Arizona Gov. Jan Brewer, a Republican, points during an intense conversation with President Obama after he arrived at Phoenix-Mesa Gateway Airport in Mesa, Ariz. She has since made light of the incident in trying to rally support for a Medicaid expansion in the state.
The Arizona Legislature is debating whether to extend Medicaid to about 300,000 people in the state. The expansion is a requirement to get federal funding under the Affordable Care Act.
The big surprise is who has been leading the charge: Republican Gov. Jan Brewer. She's one of President Obama's staunchest critics and has confounded conservatives in her own party by supporting the expansion.
Google the words "Brewer" and "Obama." You'll get a now-famous image of Brewer wagging her finger at the president on the tarmac last year when she met him in Phoenix.
Originally published on Thu August 16, 2012 6:23 am
Ariz. Gov. Jan Brewer is throwing more punches in her contentious relationship with the federal government.
Today, she issued an executive order that says young people granted a deportation deferral under President Obama's new policy will still be considered undocumented and won't be granted public benefits.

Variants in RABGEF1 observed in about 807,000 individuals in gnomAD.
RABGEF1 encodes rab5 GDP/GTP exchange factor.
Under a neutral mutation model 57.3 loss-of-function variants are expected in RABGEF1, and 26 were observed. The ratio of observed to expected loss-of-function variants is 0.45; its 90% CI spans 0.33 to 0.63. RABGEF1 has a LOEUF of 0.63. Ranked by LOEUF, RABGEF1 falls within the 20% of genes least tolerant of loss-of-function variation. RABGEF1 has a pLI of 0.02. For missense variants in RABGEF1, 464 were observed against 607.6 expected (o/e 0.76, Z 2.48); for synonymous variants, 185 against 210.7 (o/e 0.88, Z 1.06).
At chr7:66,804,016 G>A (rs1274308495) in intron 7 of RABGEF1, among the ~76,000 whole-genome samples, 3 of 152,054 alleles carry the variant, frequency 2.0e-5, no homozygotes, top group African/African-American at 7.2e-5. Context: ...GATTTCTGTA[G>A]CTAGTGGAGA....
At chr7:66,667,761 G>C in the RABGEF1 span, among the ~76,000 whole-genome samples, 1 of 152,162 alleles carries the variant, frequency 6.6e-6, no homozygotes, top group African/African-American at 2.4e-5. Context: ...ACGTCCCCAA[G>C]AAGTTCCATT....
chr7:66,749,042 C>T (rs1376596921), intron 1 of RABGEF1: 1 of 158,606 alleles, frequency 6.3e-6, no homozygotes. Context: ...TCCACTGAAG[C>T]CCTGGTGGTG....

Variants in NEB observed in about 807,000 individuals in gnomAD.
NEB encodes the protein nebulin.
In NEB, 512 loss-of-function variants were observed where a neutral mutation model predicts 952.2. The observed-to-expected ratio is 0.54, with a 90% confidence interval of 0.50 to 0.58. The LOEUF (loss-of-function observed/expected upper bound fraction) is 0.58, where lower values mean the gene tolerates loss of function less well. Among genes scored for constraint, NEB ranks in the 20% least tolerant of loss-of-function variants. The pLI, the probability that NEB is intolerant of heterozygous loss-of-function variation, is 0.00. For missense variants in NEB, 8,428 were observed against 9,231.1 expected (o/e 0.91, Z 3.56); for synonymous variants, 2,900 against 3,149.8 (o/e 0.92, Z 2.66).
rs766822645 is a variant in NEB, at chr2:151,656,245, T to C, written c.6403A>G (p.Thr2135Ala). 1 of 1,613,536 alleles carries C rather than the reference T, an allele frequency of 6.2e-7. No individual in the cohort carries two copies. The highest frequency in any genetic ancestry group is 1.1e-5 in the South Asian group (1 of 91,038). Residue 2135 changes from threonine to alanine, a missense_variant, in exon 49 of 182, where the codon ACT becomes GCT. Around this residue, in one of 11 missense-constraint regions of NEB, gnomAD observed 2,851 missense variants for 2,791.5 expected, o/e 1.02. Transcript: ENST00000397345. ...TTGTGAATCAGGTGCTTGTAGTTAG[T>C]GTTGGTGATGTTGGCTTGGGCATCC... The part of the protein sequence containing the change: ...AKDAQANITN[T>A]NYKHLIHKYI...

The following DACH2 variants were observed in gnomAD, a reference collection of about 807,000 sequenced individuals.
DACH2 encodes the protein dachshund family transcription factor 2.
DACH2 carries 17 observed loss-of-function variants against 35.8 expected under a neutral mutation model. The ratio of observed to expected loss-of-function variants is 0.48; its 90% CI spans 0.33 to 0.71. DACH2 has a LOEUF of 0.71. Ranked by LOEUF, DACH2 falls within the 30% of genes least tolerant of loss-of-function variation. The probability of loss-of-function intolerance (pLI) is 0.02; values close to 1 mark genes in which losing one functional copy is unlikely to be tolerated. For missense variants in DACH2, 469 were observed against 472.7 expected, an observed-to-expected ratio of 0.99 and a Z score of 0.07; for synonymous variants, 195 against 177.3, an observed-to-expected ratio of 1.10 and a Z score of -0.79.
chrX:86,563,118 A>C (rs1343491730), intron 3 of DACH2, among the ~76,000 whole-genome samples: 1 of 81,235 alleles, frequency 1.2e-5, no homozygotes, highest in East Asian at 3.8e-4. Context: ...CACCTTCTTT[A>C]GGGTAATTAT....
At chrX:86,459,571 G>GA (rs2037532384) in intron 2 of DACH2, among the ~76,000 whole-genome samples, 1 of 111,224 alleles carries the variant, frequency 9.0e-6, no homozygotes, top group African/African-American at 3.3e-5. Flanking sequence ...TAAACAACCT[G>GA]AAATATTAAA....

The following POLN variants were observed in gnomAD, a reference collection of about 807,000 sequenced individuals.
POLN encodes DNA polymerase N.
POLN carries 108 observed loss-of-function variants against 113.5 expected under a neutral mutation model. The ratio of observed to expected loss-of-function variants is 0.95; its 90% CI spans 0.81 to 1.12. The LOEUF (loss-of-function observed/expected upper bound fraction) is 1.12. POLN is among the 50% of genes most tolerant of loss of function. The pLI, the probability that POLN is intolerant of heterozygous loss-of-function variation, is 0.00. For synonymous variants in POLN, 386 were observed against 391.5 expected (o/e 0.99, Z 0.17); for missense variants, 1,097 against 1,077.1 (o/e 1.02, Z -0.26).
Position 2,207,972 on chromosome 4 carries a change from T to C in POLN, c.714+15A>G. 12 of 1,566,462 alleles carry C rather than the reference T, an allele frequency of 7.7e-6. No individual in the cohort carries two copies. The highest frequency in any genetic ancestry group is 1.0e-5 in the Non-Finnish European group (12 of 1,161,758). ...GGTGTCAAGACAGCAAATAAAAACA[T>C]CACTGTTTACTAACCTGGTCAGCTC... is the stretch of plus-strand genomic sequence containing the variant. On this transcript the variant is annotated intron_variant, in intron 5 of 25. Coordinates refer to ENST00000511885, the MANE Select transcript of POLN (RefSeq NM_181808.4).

Originally published on Fri December 14, 2012 4:06 pm
When former vice presidential candidate Sarah Palin addressed attendees at the National Tea Party Convention in Nashville, Tenn., on Feb. 6, 2010, she appeared to have notes written on her left hand.
Credit Ed Reinke / AP
Politics may be show business for ugly people, but you don't have to be ugly about it yourself.
It's become a cliche to describe the endless series of Republican presidential debates as a reality show. But lately a lot of politicians have been acting as though they were looking to secure a spot on the "now trending" lists of Internet search engines.
Usually, there is lots of formality and protocol when a president steps off Airforce One and walks onto a tarmac. But, yesterday, when President Obama landed at the Phoenix-Mesa Gateway Airport, he was greeted by Gov. Jan Brewer and very quickly the welcome turned into a serious and tense discussion.